This story was written by Editorial Board, The Daily Universe
In many ways, it would be the Democratic dream ticket. A black man and a woman, the two largest minorities in the United States, both wanting to end a Republican's war and unify the party. But combining Sen. Barack Obama with Sen. Hillary Clinton wouldn't really unify the party, nor would it be a good idea for anyone.
Hillary Clinton is a center-stage player. Her track record shows she would rather gather support than play the supporting role herself. She's the star, and as such is a shrewd politician on her constituency's issues and her own. The last time she played co-star was during her husband's presidency, but not again since.
The odds of this kind of politician settling gently into Obama's core support group are microscopic. Clinton is a primary player, and as a vice president would constantly be trying to upstage her counterpart and superior. She's been in politics too long, fought too hard for the nomination and gathered too strong a support group to take a backseat now.
Many of her supporters feel the same way. ABC exit polls in six of the last seven primaries show 60 percent of Clinton's supporters would be unsatisfied if Obama won the nomination. Much of middle-class Democratic America loves Hillary, and they love the idea of Hillary getting a lot of power to make things happen. They love her history and her strong political roots - her experience. Some even love her husband.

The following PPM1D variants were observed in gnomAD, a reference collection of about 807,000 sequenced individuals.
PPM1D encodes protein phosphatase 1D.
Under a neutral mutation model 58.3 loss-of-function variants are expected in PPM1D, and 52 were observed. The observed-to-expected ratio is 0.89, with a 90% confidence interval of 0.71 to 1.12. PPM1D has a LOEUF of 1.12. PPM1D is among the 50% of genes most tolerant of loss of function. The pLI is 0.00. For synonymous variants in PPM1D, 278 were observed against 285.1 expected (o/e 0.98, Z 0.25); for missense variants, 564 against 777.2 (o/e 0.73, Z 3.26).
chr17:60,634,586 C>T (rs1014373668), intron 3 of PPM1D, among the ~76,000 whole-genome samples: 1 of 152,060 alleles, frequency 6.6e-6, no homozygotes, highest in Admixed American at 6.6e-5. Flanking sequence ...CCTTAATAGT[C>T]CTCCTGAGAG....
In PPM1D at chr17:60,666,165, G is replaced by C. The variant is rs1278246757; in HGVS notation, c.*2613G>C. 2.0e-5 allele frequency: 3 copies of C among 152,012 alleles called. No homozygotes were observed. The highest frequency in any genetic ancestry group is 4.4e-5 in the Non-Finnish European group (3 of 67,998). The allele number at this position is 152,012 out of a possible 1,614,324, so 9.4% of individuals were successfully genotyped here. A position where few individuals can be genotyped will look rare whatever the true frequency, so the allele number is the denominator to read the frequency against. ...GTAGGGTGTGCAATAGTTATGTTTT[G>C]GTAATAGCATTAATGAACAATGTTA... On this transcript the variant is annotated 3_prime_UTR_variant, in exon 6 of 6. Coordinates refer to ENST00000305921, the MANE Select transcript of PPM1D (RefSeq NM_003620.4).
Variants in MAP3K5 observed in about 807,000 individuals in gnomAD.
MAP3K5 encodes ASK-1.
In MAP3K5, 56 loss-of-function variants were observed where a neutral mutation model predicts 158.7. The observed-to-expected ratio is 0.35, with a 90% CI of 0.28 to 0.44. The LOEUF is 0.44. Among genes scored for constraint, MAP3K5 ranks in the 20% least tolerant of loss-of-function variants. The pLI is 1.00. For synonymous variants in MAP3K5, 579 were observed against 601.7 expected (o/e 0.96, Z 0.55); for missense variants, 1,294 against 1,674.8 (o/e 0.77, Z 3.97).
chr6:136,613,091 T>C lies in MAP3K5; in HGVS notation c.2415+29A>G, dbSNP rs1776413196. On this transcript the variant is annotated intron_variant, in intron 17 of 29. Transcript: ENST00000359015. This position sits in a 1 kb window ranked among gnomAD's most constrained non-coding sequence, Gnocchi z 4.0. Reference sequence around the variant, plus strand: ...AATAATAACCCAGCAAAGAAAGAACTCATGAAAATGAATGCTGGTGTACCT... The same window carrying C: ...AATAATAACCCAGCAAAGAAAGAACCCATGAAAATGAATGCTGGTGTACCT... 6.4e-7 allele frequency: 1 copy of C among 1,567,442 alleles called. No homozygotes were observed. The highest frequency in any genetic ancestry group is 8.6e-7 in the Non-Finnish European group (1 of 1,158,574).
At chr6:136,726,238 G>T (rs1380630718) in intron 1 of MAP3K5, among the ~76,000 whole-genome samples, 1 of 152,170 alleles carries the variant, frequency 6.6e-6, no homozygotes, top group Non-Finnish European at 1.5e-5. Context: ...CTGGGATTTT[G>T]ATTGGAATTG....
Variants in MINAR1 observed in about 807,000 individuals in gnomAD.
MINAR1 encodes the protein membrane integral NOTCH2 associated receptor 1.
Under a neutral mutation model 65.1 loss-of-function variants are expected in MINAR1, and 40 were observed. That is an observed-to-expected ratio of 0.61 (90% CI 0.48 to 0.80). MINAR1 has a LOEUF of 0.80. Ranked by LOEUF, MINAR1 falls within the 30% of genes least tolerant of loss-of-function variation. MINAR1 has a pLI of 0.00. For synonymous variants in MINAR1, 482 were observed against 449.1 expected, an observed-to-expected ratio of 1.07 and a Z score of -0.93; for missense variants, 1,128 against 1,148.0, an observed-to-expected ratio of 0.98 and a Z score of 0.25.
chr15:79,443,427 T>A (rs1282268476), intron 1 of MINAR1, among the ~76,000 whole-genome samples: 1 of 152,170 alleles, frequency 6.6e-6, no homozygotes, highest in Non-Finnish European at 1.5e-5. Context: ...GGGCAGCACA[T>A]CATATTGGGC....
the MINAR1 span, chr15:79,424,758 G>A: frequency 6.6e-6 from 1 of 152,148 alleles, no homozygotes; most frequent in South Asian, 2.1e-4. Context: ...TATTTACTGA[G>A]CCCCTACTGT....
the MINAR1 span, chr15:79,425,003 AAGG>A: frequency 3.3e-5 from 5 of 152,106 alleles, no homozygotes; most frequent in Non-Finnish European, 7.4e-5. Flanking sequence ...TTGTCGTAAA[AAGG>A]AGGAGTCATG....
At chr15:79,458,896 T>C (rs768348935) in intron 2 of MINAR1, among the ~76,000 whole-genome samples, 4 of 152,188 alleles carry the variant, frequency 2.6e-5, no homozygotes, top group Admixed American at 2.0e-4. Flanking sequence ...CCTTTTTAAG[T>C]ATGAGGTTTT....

For the same reasons, many of them don't love Obama: He lacks a strong history in politics or any track record that would guarantee him coming through on his word. Even if Clinton were to stand behind him, many of her supporters would be unsatisfied if she weren't at the top of the ticket. It might unify the party in terms of a single nominee, but more realistically, it would draw the division more internally into the Democratic Party.
On one hand, there's the presidential candidate trying to bring in the winds of change and make history. On the other, the vice presidential candidate upstaging him. Ideally they would work together, but the struggle for the nomination has been too long and divided for them to fold nicely together into the picturesque presidential package. That kind of tension between the support groups of the president and vice president has not been a major issue since the 1800 election when the vice president was the candidate who received the second-most votes.
But most importantly, Clinton as the vice president would hurt Obama more than it would help him. Not only would he constantly have to worry about his well-loved and famous vice president, he would have to come up with a new catch phrase too.
Obama's biggest selling point to supporters has been his idea of change - time to bring new faces to Washington who will listen to the people. Hence his tag line, "Change is coming to America." That means out with the old and in with the new.
As a remnant of the ruling elite and with a name that equals political power and prestige, Clinton is exactly the type of person Obama supporters think of when he talks about new faces in Washington. She's been there and done that for longer than any candidate but John McCain (who has admitted he's older than dirt). She's not change, she's not a new face, and if Obama added her to his campaign he'd be making his promise of change hypocritical.
So why add her? It would not make Clinton happy since it would be beneath her, it would not make her followers happy since it would not be Clinton on the top of the ballot, and it would not help Obama to add to his campaign the very type of person and tradition he claims to be fighting.
But maybe Obama will bend to pressure and add an old face like Clinton to his campaign, tw things he's promised to never do. After all, keep your friends close and your enemies closer.